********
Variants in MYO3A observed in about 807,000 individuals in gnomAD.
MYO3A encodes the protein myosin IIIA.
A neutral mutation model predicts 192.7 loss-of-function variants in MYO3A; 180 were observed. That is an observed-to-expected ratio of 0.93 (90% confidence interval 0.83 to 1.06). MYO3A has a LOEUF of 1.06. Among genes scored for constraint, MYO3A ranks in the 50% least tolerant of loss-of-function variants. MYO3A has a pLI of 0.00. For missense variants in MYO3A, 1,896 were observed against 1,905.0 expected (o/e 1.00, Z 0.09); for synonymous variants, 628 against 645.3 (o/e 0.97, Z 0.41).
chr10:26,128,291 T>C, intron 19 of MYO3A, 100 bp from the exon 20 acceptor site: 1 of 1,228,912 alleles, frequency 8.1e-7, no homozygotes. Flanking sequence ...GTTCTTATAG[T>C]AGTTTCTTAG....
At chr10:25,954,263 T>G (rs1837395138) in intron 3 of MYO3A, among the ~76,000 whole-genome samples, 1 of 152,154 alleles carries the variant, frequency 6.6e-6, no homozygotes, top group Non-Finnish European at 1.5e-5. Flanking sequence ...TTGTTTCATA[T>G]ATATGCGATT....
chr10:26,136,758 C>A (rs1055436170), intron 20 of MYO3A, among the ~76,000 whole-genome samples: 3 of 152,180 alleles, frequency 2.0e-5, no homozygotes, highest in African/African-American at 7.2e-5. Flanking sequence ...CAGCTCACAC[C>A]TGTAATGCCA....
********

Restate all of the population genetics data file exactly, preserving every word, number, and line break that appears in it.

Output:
Variants in MYO3A observed in about 807,000 individuals in gnomAD.
MYO3A encodes the protein myosin IIIA.
A neutral mutation model predicts 192.7 loss-of-function variants in MYO3A; 180 were observed. That is an observed-to-expected ratio of 0.93 (90% confidence interval 0.83 to 1.06). MYO3A has a LOEUF of 1.06. Among genes scored for constraint, MYO3A ranks in the 50% least tolerant of loss-of-function variants. MYO3A has a pLI of 0.00. For missense variants in MYO3A, 1,896 were observed against 1,905.0 expected (o/e 1.00, Z 0.09); for synonymous variants, 628 against 645.3 (o/e 0.97, Z 0.41).
chr10:26,128,291 T>C, intron 19 of MYO3A, 100 bp from the exon 20 acceptor site: 1 of 1,228,912 alleles, frequency 8.1e-7, no homozygotes. Flanking sequence ...GTTCTTATAG[T>C]AGTTTCTTAG....
At chr10:25,954,263 T>G (rs1837395138) in intron 3 of MYO3A, among the ~76,000 whole-genome samples, 1 of 152,154 alleles carries the variant, frequency 6.6e-6, no homozygotes, top group Non-Finnish European at 1.5e-5. Flanking sequence ...TTGTTTCATA[T>G]ATATGCGATT....
chr10:26,136,758 C>A (rs1055436170), intron 20 of MYO3A, among the ~76,000 whole-genome samples: 3 of 152,180 alleles, frequency 2.0e-5, no homozygotes, highest in African/African-American at 7.2e-5. Flanking sequence ...CAGCTCACAC[C>A]TGTAATGCCA....